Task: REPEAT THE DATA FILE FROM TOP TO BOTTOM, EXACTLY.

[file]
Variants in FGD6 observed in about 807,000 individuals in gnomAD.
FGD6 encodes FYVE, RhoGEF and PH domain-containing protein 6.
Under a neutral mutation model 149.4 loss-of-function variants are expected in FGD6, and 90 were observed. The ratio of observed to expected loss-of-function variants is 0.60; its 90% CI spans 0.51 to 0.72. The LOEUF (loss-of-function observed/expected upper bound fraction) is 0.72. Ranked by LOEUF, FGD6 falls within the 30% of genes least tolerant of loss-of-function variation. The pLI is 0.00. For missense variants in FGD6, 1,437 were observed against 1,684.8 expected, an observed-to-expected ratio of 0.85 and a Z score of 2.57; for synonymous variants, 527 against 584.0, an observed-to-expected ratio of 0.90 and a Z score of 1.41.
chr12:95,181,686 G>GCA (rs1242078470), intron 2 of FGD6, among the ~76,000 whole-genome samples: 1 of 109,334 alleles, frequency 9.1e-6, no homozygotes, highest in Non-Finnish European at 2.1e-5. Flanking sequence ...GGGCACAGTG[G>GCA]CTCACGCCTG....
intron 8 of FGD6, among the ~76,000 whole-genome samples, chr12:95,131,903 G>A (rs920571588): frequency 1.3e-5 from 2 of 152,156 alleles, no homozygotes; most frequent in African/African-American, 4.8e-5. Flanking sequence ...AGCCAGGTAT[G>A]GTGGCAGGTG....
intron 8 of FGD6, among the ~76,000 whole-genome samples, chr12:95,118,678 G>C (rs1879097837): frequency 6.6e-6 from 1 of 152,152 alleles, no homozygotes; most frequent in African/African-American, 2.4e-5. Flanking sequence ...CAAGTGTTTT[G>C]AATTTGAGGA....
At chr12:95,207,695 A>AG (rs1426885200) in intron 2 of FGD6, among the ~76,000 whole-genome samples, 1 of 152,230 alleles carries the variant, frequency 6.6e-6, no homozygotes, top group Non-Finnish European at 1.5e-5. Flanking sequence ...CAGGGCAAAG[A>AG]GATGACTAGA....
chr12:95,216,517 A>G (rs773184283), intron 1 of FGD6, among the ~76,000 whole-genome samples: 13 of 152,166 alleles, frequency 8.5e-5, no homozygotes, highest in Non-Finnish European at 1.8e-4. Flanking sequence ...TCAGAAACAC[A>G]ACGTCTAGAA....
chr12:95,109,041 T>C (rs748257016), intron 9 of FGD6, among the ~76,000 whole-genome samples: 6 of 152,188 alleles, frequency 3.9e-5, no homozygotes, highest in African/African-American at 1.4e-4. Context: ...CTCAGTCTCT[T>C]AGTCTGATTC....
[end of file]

Variants in FGD6 observed in about 807,000 individuals in gnomAD.
FGD6 encodes FYVE, RhoGEF and PH domain-containing protein 6.
Under a neutral mutation model 149.4 loss-of-function variants are expected in FGD6, and 90 were observed. The ratio of observed to expected loss-of-function variants is 0.60; its 90% CI spans 0.51 to 0.72. The LOEUF (loss-of-function observed/expected upper bound fraction) is 0.72. Ranked by LOEUF, FGD6 falls within the 30% of genes least tolerant of loss-of-function variation. The pLI is 0.00. For missense variants in FGD6, 1,437 were observed against 1,684.8 expected, an observed-to-expected ratio of 0.85 and a Z score of 2.57; for synonymous variants, 527 against 584.0, an observed-to-expected ratio of 0.90 and a Z score of 1.41.
chr12:95,181,686 G>GCA (rs1242078470), intron 2 of FGD6, among the ~76,000 whole-genome samples: 1 of 109,334 alleles, frequency 9.1e-6, no homozygotes, highest in Non-Finnish European at 2.1e-5. Flanking sequence ...GGGCACAGTG[G>GCA]CTCACGCCTG....
intron 8 of FGD6, among the ~76,000 whole-genome samples, chr12:95,131,903 G>A (rs920571588): frequency 1.3e-5 from 2 of 152,156 alleles, no homozygotes; most frequent in African/African-American, 4.8e-5. Flanking sequence ...AGCCAGGTAT[G>A]GTGGCAGGTG....
intron 8 of FGD6, among the ~76,000 whole-genome samples, chr12:95,118,678 G>C (rs1879097837): frequency 6.6e-6 from 1 of 152,152 alleles, no homozygotes; most frequent in African/African-American, 2.4e-5. Flanking sequence ...CAAGTGTTTT[G>C]AATTTGAGGA....
At chr12:95,207,695 A>AG (rs1426885200) in intron 2 of FGD6, among the ~76,000 whole-genome samples, 1 of 152,230 alleles carries the variant, frequency 6.6e-6, no homozygotes, top group Non-Finnish European at 1.5e-5. Flanking sequence ...CAGGGCAAAG[A>AG]GATGACTAGA....
chr12:95,216,517 A>G (rs773184283), intron 1 of FGD6, among the ~76,000 whole-genome samples: 13 of 152,166 alleles, frequency 8.5e-5, no homozygotes, highest in Non-Finnish European at 1.8e-4. Flanking sequence ...TCAGAAACAC[A>G]ACGTCTAGAA....
chr12:95,109,041 T>C (rs748257016), intron 9 of FGD6, among the ~76,000 whole-genome samples: 6 of 152,188 alleles, frequency 3.9e-5, no homozygotes, highest in African/African-American at 1.4e-4. Context: ...CTCAGTCTCT[T>C]AGTCTGATTC....